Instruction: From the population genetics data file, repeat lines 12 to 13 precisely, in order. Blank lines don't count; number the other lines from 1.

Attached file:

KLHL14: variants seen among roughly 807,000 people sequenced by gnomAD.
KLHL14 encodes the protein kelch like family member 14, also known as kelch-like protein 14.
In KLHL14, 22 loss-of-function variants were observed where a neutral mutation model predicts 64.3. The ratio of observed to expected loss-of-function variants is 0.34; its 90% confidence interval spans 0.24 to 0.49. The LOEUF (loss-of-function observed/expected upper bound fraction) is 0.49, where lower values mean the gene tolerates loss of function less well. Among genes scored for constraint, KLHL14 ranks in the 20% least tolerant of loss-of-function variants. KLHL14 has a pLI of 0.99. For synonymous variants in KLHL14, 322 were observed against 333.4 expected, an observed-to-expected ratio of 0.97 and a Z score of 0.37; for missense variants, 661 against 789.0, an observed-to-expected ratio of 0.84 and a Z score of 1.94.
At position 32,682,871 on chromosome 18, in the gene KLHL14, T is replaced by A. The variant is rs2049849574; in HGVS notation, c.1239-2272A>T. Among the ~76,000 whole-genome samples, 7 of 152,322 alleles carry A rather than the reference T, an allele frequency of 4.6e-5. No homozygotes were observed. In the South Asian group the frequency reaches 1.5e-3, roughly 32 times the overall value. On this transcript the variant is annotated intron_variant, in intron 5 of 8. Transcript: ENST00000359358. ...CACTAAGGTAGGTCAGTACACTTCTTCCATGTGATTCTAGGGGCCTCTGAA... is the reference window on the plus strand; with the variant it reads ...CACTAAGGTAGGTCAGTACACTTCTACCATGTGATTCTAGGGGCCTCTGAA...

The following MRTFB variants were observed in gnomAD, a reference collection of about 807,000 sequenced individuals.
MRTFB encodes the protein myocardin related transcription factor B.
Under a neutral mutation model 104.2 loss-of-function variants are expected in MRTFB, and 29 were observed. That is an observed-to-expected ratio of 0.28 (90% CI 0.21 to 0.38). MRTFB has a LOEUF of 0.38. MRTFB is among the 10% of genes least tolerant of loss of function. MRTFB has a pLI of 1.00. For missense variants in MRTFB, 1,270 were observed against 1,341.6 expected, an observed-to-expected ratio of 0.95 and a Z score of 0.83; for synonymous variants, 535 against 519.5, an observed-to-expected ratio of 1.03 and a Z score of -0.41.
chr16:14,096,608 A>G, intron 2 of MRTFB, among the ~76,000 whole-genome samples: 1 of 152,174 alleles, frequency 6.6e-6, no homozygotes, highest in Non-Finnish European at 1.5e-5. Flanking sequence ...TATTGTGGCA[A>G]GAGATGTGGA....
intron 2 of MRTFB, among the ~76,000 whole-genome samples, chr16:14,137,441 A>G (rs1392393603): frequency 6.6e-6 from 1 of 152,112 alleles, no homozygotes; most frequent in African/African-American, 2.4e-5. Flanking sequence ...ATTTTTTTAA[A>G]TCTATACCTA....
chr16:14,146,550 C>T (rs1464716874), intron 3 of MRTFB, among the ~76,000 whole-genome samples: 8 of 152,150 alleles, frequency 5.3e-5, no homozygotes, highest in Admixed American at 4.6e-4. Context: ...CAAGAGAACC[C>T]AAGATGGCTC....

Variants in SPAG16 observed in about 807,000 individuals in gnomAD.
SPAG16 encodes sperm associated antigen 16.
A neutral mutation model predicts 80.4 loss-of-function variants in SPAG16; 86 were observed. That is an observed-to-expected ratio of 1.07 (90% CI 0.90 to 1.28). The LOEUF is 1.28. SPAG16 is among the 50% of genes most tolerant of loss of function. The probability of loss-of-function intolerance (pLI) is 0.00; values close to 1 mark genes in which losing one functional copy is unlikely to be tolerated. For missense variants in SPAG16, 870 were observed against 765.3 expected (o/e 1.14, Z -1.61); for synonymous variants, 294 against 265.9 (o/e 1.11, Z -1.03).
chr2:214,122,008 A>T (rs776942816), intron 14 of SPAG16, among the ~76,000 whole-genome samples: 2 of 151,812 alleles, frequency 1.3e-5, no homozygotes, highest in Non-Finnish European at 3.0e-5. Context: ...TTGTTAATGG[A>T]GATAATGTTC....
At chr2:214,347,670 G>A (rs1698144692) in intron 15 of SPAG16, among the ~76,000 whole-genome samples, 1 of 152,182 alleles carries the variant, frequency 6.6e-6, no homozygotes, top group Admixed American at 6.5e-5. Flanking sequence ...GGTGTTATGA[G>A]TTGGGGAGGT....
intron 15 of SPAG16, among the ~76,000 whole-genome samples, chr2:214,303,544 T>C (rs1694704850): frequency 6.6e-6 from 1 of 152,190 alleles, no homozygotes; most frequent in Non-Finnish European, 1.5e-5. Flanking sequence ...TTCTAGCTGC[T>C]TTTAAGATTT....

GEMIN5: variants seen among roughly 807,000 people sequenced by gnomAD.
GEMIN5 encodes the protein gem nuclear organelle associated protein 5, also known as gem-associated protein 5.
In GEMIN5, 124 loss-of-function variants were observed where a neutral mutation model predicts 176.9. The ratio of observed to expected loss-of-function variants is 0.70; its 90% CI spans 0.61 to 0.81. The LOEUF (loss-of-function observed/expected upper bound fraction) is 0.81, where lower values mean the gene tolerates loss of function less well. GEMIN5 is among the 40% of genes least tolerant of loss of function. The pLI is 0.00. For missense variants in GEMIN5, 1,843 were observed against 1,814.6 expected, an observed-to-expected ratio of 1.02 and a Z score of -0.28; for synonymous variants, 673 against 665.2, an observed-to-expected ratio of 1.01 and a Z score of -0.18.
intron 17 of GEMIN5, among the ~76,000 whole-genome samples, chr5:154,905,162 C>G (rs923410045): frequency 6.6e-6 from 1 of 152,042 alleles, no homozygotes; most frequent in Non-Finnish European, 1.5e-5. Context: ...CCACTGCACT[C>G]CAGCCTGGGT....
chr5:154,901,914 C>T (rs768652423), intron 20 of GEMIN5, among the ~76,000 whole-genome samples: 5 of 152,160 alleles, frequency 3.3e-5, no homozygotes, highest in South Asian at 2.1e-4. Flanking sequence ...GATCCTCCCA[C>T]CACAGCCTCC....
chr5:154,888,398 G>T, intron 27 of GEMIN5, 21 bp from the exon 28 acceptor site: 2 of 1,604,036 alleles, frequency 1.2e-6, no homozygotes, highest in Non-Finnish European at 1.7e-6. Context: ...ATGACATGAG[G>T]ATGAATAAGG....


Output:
SPAG16 encodes sperm associated antigen 16.
A neutral mutation model predicts 80.4 loss-of-function variants in SPAG16; 86 were observed. That is an observed-to-expected ratio of 1.07 (90% CI 0.90 to 1.28). The LOEUF is 1.28. SPAG16 is among the 50% of genes most tolerant of loss of function. The probability of loss-of-function intolerance (pLI) is 0.00; values close to 1 mark genes in which losing one functional copy is unlikely to be tolerated. For missense variants in SPAG16, 870 were observed against 765.3 expected (o/e 1.14, Z -1.61); for synonymous variants, 294 against 265.9 (o/e 1.11, Z -1.03).